Lord Mackay makes it clear in his strategy document, "The Way Forward", that he intends Lord Woolf's main proposals to reform civil justice to be in place by autumn 1998. But battle rages over the more innovative Civil Procedure Rules ("The devil is in the detail," say the mandarins), neatly diverting attention from a more important question: who will co-ordinate the task of getting the show on the road? How, if at all, will the experience of the judiciary, the consumer and the practitioner be harnessed to ensure that Lord Woolf's great vision is effectively realised?
Lord Woolf's recommendation is a Civil Justice Council. This should comprise representatives of all four interest groups: judges, civil servants (ie, the Lord Chancellor's Department and the Court Service), practitioners (barristers and solicitors) and consumers. Sadly, while the need for such a partnership is acknowledged, the Lord Chancellor is "not yet satisfied" that such a body is appropriate. Yet no alternative is proposed. That this creates a worrying vacuum, and one that may yet prove fatal, is apparent from a brief consideration of what is involved in implementing Woolf.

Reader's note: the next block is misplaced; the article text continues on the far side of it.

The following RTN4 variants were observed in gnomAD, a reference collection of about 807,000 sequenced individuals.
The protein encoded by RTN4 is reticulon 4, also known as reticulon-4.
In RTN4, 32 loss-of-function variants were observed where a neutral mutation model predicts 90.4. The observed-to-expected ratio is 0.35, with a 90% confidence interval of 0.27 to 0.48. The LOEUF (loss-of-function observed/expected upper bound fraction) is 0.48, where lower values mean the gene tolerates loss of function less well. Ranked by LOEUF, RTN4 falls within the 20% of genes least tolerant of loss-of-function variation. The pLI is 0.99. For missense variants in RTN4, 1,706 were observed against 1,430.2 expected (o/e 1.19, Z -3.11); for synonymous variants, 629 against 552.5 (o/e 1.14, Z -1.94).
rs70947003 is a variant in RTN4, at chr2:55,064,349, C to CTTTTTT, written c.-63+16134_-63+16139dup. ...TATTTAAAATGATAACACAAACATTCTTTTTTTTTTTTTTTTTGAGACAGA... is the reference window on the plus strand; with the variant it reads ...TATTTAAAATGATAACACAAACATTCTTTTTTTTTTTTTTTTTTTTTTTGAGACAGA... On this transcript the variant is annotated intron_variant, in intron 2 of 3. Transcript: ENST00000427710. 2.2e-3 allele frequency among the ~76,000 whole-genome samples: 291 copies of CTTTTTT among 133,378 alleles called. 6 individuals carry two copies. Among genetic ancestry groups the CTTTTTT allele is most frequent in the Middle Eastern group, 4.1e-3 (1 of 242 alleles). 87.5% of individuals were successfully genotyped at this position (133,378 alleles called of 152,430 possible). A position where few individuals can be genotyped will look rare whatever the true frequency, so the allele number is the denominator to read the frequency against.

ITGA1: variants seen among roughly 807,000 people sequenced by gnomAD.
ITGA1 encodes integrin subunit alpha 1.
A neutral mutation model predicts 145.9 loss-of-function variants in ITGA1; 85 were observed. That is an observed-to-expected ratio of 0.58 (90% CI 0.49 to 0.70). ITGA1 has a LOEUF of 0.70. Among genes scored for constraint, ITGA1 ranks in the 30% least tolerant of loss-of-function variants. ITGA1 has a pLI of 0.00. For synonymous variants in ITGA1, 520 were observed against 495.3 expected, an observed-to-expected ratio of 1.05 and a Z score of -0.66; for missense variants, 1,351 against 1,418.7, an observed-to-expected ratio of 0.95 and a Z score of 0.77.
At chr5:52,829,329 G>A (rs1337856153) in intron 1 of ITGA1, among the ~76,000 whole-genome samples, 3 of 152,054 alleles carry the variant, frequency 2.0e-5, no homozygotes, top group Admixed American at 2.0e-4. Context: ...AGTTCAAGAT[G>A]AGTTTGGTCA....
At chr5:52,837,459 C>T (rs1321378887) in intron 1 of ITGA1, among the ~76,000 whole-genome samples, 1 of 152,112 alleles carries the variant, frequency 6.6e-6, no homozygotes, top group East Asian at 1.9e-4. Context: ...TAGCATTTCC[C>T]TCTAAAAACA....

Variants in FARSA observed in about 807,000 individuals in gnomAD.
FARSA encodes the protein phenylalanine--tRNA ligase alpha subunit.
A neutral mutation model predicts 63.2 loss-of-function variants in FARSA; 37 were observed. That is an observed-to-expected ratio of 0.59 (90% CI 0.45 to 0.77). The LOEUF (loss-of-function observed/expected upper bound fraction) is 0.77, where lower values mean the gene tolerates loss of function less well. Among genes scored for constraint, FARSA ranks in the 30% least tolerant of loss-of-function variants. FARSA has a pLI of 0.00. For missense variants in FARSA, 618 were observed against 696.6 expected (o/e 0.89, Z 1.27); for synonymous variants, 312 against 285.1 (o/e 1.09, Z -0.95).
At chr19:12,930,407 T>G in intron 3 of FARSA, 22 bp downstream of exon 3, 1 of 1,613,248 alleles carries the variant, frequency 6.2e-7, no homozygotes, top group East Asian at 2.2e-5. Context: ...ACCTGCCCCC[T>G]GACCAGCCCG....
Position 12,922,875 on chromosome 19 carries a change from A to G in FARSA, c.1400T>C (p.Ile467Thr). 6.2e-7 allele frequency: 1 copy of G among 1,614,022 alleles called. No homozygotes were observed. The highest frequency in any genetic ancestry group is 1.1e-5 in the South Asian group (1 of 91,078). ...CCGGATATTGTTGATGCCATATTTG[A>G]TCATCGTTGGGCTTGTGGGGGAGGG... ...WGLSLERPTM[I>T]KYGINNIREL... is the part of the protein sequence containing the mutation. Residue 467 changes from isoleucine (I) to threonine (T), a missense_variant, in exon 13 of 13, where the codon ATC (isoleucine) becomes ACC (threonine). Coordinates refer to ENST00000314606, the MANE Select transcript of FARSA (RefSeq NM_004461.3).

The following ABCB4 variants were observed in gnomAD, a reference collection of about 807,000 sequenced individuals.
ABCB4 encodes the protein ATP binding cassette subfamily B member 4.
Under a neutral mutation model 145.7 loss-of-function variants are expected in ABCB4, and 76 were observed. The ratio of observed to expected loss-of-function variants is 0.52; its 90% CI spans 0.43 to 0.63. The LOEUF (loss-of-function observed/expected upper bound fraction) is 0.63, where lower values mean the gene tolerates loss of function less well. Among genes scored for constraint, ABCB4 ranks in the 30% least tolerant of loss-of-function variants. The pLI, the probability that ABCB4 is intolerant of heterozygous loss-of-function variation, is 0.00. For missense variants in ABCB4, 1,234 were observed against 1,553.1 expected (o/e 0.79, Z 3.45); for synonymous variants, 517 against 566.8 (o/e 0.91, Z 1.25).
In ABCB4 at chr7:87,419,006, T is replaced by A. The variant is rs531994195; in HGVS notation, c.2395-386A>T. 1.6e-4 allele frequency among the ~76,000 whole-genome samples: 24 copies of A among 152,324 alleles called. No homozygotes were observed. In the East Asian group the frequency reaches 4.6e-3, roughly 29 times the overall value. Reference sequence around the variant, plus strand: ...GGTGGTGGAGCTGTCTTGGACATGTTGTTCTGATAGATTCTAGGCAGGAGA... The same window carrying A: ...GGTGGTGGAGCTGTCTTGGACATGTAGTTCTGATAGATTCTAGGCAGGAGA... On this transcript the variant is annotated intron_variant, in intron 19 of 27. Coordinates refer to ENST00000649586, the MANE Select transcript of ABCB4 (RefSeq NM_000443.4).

Take the Civil Procedure Rules. They first appeared on 26 July. Drafted by a non-practitioner, they are intended, in perhaps 260 pages, to replace 6,329 pages of the two current Rule Books - one for the High Court, the other for the County Court. "Beautifully written and very clear," a High Court Master recently remarked, adding, with a sigh, "but in many respects wholly impracticable." The rules are of course only for consultation at this stage. Common sense demands that the draftsman take advantage of the judges' and practitioners' experience. But at the moment there is no mechanism to articulate those voices - and the consultation period expired on 29 November. Such a vacuum does not remain unfilled for long. For those in a position to seize the initiative, the absence of any co-ordinating authority is a golden opportunity. "Woolfish" Practice Directions, pilot schemes and even Court of Appeal decisions are appearing. Such enthusiasm for procedural change would gratify any reformer. More's the pity, then, that these sallies do not follow a recognisable plan. Instead, with the R&D stage still incomplete, the product is out in the marketplace. The Lord Chancellor has stopped short of what might have been a terrific "first". Historically, barristers and solicitors have been trained by separate bodies, the Bar Council and the Law Society. For judges, there is the Judicial Studies Board. …